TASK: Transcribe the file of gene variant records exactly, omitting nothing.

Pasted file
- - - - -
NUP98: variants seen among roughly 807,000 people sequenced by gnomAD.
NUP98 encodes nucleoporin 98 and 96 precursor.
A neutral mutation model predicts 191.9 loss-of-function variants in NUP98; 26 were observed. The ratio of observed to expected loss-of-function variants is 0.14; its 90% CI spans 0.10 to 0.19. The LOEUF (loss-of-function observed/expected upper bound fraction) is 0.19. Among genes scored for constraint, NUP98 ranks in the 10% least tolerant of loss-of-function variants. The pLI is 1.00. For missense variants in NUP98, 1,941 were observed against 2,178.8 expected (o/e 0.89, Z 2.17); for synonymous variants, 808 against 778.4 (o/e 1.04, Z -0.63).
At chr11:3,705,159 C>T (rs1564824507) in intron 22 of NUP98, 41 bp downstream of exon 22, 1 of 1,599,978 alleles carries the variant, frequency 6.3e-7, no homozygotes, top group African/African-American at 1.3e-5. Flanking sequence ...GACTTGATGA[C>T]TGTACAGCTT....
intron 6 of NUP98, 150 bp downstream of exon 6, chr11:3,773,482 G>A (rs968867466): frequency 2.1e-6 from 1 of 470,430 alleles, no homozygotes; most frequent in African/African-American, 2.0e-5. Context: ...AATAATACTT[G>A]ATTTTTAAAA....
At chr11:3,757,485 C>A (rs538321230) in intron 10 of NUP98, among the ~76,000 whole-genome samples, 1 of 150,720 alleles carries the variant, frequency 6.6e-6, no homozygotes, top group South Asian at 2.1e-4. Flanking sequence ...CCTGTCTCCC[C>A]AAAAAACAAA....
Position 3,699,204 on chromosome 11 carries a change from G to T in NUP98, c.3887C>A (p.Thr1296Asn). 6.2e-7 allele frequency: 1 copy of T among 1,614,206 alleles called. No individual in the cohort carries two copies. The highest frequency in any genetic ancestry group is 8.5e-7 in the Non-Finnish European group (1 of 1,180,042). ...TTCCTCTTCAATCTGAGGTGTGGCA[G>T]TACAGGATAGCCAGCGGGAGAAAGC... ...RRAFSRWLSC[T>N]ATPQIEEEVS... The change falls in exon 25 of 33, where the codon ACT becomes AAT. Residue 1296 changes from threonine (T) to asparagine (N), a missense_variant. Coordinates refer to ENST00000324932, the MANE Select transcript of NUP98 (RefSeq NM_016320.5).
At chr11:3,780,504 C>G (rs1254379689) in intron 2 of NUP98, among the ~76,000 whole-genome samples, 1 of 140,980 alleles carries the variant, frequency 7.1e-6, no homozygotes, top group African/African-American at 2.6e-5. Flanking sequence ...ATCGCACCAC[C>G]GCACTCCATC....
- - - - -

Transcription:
NUP98: variants seen among roughly 807,000 people sequenced by gnomAD.
NUP98 encodes nucleoporin 98 and 96 precursor.
A neutral mutation model predicts 191.9 loss-of-function variants in NUP98; 26 were observed. The ratio of observed to expected loss-of-function variants is 0.14; its 90% CI spans 0.10 to 0.19. The LOEUF (loss-of-function observed/expected upper bound fraction) is 0.19. Among genes scored for constraint, NUP98 ranks in the 10% least tolerant of loss-of-function variants. The pLI is 1.00. For missense variants in NUP98, 1,941 were observed against 2,178.8 expected (o/e 0.89, Z 2.17); for synonymous variants, 808 against 778.4 (o/e 1.04, Z -0.63).
At chr11:3,705,159 C>T (rs1564824507) in intron 22 of NUP98, 41 bp downstream of exon 22, 1 of 1,599,978 alleles carries the variant, frequency 6.3e-7, no homozygotes, top group African/African-American at 1.3e-5. Flanking sequence ...GACTTGATGA[C>T]TGTACAGCTT....
intron 6 of NUP98, 150 bp downstream of exon 6, chr11:3,773,482 G>A (rs968867466): frequency 2.1e-6 from 1 of 470,430 alleles, no homozygotes; most frequent in African/African-American, 2.0e-5. Context: ...AATAATACTT[G>A]ATTTTTAAAA....
At chr11:3,757,485 C>A (rs538321230) in intron 10 of NUP98, among the ~76,000 whole-genome samples, 1 of 150,720 alleles carries the variant, frequency 6.6e-6, no homozygotes, top group South Asian at 2.1e-4. Flanking sequence ...CCTGTCTCCC[C>A]AAAAAACAAA....
Position 3,699,204 on chromosome 11 carries a change from G to T in NUP98, c.3887C>A (p.Thr1296Asn). 6.2e-7 allele frequency: 1 copy of T among 1,614,206 alleles called. No individual in the cohort carries two copies. The highest frequency in any genetic ancestry group is 8.5e-7 in the Non-Finnish European group (1 of 1,180,042). ...TTCCTCTTCAATCTGAGGTGTGGCA[G>T]TACAGGATAGCCAGCGGGAGAAAGC... ...RRAFSRWLSC[T>N]ATPQIEEEVS... The change falls in exon 25 of 33, where the codon ACT becomes AAT. Residue 1296 changes from threonine (T) to asparagine (N), a missense_variant. Coordinates refer to ENST00000324932, the MANE Select transcript of NUP98 (RefSeq NM_016320.5).
At chr11:3,780,504 C>G (rs1254379689) in intron 2 of NUP98, among the ~76,000 whole-genome samples, 1 of 140,980 alleles carries the variant, frequency 7.1e-6, no homozygotes, top group African/African-American at 2.6e-5. Flanking sequence ...ATCGCACCAC[C>G]GCACTCCATC....